AIM: To identify blood donors with occult hepatitis B virus (HBV) infection (OBI) to promote safe blood donation. METHODS: Descriptive cross sectional study was conducted on 3167 blood donors negative for hepatitis B surface antigen (HBsAg), hepatitis C antibody (HCV Ab) and human immunodeficiency virus Ab. They were subjected to the detection of alanine aminotransferase (ALT) and aspartate transaminase (AST) and screening for anti-HBV core antibodies (total) by two different techniques; [Monoliza antibodies to hepatitis B core (Anti-HBc) Plus-Bio-Rad] and (ARC-HBc total-ABBOT). Positive samples were subjected to quantitative detection of antibodies to hepatitis B surface (anti-HBs) (ETI-AB-AUK-3, Dia Sorin-Italy). Serum anti-HBs titers > 10 IU/L was considered positive. Quantitative HBV DNA by real time polymerase chain reaction (PCR) (QIAGEN-Germany) with 3.8 IU/mL detection limit was estimated for blood units with negative serum anti-HBs and also for 32 whose anti-HBs serum titers were > 1000 IU/L. Also, 265 recipients were included, 34 of whom were followed up for 3-6 mo. Recipients were investigated for ALT and AST, HBV serological markers: HBsAg (ETI-MAK-4, Dia Sorin-Italy), anti-HBc, quantitative detection of anti-HBs and HBV-DNA. RESULTS: 525/3167 (16.6%) of blood units were positive for total anti-HBc, 64% of those were anti- HBs positive. Confirmation by ARCHITECT anti-HBc assay were carried out for 498/525 anti-HBc positive samples, where 451 (90.6%) confirmed positive. Reactivity for anti-HBc was considered confirmed only if two positive results were obtained for each sample, giving an overall prevalence of 451/3167 (14.2%) for total anti-HBc. HBV DNA was quantified by real time PCR in 52/303 (17.2%) of anti-HBc positive blood donors (viral load range: 5 to 3.5 x 105 IU/mL) with a median of 200 IU/mL (mean: 1.8 x 104 ± 5.1 x 104 IU/mL). Anti- HBc was the only marker in 68.6% of donors. Univariate and multivariate logistic analysis for identifying risk factors associated with anti-HBc and HBV-DNA positivity among blood donors showed that age above thirty and marriage were the most significant risk factors for prediction of anti-HBc positivity with AOR 1.8 (1.4-2.4) and 1.4 (1.0-1.9) respectively. Other risk factors as gender, history of blood transfusion, diabetes mellitus, frequent injections, tattooing, previous surgery, hospitalization, Bilharziasis or positive family history of HBV or HCV infections were not found to be associated with positive anti-HBc antibodies. Among anti-HBc positive blood donors, age below thirty was the most significant risk factor for prediction of HBV-DNA positivity with AOR 3.8 (1.8-7.9). According to HBV-DNA concentration, positive samples were divided in two groups; group one with HBV-DNA ≥ 200 IU/mL (n = 27) and group two with HBV-DNA < 200 IU/mL (n = 26). No significant difference was detected between both groups as regards mean age, gender, liver enzymes or HBV markers. Serological profiles of all followed up blood recipients showed that, all were negative for the studied HBV markers. Also, HBV DNA was not detected among studied recipients, none developed post-transfusion hepatitis (PTH) and the clinical outcome was good. CONCLUSION: OBI is prevalent among blood donors. Nucleic acid amplification/HBV anti core screening should be considered for high risk recipients to eliminate risk of unsafe blood donation. © 2013 Baishideng. Source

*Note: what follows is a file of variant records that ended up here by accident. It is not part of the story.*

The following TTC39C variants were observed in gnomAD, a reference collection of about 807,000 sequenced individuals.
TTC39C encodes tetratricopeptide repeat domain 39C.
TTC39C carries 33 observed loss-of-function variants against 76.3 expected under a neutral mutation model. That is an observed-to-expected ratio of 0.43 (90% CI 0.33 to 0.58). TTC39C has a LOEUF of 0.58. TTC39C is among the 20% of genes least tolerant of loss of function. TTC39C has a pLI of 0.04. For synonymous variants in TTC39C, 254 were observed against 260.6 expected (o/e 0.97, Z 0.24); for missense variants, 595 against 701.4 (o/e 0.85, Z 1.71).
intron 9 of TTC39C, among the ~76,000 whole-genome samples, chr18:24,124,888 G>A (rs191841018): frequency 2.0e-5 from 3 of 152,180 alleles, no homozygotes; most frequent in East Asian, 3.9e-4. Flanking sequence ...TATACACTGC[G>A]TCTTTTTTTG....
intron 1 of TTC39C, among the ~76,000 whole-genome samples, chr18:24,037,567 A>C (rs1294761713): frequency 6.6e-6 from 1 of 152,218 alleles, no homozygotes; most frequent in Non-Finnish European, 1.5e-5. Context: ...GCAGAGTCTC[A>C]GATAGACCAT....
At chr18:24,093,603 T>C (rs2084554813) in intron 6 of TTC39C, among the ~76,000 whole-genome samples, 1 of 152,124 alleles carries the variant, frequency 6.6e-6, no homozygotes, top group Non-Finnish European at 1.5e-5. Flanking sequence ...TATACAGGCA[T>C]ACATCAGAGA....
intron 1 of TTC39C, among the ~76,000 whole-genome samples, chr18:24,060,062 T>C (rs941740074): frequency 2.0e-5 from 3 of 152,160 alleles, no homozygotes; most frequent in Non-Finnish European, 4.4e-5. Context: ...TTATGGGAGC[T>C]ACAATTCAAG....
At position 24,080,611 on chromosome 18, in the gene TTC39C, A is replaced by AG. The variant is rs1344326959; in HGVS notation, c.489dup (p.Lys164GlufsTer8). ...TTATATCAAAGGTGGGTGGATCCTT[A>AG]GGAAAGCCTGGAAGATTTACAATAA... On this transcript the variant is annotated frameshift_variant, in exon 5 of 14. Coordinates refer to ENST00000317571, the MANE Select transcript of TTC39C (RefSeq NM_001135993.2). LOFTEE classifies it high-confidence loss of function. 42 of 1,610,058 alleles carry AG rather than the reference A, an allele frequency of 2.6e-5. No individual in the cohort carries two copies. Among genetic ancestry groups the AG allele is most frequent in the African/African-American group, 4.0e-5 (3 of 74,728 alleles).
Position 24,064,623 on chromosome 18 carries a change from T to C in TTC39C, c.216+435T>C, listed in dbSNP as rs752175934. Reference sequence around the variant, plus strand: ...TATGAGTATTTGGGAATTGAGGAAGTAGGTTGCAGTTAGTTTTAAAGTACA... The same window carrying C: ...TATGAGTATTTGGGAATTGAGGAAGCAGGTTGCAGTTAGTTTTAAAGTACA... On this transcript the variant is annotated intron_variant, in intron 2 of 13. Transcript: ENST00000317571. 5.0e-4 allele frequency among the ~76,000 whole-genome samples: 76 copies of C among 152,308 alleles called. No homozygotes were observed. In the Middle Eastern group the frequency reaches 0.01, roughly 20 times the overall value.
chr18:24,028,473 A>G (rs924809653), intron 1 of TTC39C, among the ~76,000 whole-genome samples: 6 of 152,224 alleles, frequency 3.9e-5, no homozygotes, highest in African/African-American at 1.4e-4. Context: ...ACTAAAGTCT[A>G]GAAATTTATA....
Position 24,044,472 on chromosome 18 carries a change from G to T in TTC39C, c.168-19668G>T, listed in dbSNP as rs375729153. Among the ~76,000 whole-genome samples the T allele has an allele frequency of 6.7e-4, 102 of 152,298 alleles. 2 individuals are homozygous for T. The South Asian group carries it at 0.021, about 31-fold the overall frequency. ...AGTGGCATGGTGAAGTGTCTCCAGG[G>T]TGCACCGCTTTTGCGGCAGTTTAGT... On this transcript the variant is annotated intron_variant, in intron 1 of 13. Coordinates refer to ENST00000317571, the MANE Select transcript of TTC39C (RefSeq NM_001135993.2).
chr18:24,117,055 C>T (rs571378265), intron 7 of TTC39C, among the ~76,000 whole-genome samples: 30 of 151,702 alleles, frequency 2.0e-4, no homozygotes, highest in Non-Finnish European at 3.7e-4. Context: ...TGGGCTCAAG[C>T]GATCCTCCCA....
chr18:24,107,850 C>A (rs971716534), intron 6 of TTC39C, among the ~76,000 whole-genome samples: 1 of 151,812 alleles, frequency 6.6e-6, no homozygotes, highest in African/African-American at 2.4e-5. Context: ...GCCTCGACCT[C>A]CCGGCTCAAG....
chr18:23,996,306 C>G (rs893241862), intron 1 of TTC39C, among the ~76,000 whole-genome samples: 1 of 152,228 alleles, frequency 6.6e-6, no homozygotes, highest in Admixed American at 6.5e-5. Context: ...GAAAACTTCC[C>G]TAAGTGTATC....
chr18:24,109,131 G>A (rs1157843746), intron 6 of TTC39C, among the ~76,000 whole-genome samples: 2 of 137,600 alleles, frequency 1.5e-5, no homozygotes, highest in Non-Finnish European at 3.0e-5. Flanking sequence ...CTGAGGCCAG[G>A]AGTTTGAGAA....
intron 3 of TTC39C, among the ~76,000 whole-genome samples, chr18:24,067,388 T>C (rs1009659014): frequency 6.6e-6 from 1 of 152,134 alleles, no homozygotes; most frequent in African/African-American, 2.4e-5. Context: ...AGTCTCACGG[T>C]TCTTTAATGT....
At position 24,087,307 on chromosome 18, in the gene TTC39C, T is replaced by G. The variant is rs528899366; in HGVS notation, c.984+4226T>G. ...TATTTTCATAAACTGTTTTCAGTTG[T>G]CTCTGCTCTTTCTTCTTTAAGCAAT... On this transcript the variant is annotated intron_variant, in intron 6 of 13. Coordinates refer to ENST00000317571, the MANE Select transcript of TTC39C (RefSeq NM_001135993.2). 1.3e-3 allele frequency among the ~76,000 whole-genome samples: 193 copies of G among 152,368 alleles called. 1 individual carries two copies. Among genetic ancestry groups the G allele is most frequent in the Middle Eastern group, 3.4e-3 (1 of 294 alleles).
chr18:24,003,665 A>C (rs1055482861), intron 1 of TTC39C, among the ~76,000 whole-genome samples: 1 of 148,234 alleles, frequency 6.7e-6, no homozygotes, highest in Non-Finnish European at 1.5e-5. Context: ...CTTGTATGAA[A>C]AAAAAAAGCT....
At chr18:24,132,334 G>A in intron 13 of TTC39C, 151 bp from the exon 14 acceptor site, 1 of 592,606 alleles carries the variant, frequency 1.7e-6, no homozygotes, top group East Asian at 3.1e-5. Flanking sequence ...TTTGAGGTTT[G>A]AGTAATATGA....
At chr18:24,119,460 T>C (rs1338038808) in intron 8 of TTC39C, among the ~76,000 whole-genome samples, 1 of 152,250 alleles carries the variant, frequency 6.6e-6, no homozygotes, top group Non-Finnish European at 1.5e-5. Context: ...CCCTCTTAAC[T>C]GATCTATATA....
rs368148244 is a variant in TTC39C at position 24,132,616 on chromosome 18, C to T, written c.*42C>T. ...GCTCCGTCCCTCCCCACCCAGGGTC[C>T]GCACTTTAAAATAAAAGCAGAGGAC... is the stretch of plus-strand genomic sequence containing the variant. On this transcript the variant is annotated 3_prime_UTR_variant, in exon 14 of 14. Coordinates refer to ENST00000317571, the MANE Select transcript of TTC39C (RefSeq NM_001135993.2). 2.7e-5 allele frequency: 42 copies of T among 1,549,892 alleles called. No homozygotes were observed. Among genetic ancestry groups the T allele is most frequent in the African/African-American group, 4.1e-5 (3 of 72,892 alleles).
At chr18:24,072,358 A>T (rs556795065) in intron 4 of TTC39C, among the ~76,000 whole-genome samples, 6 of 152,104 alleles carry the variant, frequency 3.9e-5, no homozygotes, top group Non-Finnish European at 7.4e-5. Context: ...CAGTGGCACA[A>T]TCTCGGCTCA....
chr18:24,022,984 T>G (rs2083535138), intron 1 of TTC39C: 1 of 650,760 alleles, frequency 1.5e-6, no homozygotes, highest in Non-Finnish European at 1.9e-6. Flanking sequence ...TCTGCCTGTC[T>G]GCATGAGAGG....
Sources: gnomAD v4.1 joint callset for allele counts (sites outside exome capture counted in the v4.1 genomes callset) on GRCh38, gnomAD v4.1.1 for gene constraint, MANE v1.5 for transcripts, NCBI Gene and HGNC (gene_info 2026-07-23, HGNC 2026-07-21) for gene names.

Hajjej A.,National Blood Transfusion Center | Almawi W.Y.,Arabian Gulf University | Hattab L.,Regional Hospital of Gabes | El-Gaaied A.,Tunis el Manar University | Hmida S.,National Blood Transfusion Center